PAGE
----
Alabama coach Nick Saban is notorious for using press conferences as a pulpit to impart messages to his team and fanbase, often taking his chance in front of the microphones and cameras to alter unfavorable narratives and motivate players. Instead of striking back at critics in the wake of the Crimson Tide's home loss to Texas in Week 2, however, Saban hit a tone of acceptance with regard to the heat his program is receiving.
"I think we didn't play great," Saban said Wednesday. "People get upset that we get criticized — but why wouldn't we get criticized if we don't play well? People call me and say, 'Man, this guy's a jerk for saying this about you.' No, he really isn't. It's right. We didn't play good. I'm responsible for that."
After the Texas loss, No. 10 Alabama fell outside the top five of the AP Top 25 during the month of September for the first time since 2015. The defeat came with 10 penalties, a lackluster passing game and a concerning inability to limit Texas' explosive plays. Naturally, critiques followed, and not just from the usual media types. Notable former Alabama players such as Marlon Humphreys, now with the Baltimore Ravens, and Reggie Ragland, a journeyman NFL veteran and Super Bowl champion, were among those within the Alabama family weighing in with subtle jabs on social media.
Saban's message to his team? Welcome to the real world.
"So in the real world, when you don't perform, you don't produce — you probably get criticized, sometimes get penalized," he said. "Some people lose their job when they don't perform well. That's maybe even worse than losing a game when you can't feed your family and your children and all that, or can't make your house payment. I guess that's worse."
Saban clarified that he's not been reading articles or listening to podcasts dissecting his team's performance. The 71-year-old, seven-time national champion certainly hasn't been browsing social media. He'd prefer his players to follow suit.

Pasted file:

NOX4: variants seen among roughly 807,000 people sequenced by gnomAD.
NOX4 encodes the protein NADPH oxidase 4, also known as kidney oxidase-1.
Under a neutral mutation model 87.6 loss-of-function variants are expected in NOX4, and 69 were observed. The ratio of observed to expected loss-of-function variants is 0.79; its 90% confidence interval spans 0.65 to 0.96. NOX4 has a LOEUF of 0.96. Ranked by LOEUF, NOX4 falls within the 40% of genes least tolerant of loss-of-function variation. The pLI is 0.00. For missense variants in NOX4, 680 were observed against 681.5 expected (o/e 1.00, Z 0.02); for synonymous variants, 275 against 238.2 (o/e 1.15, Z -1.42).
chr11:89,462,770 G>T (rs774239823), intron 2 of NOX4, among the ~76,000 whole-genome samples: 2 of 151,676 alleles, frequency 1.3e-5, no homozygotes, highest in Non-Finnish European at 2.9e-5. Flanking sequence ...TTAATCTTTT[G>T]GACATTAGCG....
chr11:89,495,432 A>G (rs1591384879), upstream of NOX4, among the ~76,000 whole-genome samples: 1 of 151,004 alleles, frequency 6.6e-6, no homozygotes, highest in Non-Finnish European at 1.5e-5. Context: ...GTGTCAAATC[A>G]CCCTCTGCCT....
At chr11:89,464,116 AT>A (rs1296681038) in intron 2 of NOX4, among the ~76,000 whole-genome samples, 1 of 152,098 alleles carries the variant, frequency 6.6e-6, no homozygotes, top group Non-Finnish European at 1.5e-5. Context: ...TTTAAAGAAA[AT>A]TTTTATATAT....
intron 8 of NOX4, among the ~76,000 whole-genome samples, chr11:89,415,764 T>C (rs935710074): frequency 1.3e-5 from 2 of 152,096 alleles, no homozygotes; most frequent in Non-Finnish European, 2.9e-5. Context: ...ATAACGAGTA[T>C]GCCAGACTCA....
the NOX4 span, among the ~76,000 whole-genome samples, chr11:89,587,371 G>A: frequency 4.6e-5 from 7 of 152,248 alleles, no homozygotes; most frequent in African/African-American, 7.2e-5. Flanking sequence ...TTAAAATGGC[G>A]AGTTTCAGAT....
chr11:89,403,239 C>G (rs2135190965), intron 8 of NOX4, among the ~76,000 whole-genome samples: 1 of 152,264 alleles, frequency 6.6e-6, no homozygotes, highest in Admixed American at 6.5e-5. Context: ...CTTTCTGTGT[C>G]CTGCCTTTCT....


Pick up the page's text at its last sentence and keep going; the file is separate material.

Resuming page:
"I don't really know what the noise is," he said. "I haven't listened to one talk radio show, I haven't read one newspaper. I have been focusing 100% of my time on the next team that we play, the last game we played and what we need to do to fix that. And all the players would be better served — and everybody in the organization would be better served — if they all did that. Because what somebody else thinks doesn't matter. It's all about what you do and how you respond to what you need to do, so you have a chance to be successful in the future."
Alabama's performance against Texas left plenty of room to criticize the program's handling of its quarterback position. After the departure of former Heisman Trophy winner Bryce Young following the 2022 season, the Crimson Tide flirted with various transfer options. In the end, a post-spring practice transfer from former Notre Dame quarterback Tyler Buchner was the best they could do.
As a result, redshirt sophomore Jalen Milroe began the 2023 season as the starter, and the early returns have been a mixed bag. His 14-of-27 passing performance against the Longhorns included two interceptions that led to 10 Texas points, and his discomfort in the pocket was evident throughout the game.
Saban seemed to leave the door wide open for Buchner or redshirt freshman Ty Simpson to continue challenging Milroe for reps as the Crimson Tide prepare for a rare road game against a non-power conference opponent (South Florida) before beginning SEC play against Ole Miss next week.
"Well, we evaluate every position every week," Saban said. "If guys want security in their position, they need to play well," Saban said. "Everybody on our team knows that. I think everybody has responded in a positive way to try to get better and to improve. We'll constantly evaluate that position as we do every other position."
Saturday's game against the Bulls should give the Crimson Tide room to experiment. Alabama is a 32-point favorite against its AAC foe, which is in Year 1 under coach Alex Golesh. South Florida is 1-1 after loss at Western Kentucky and a win over Florida A&M that remained close into the fourth quarter.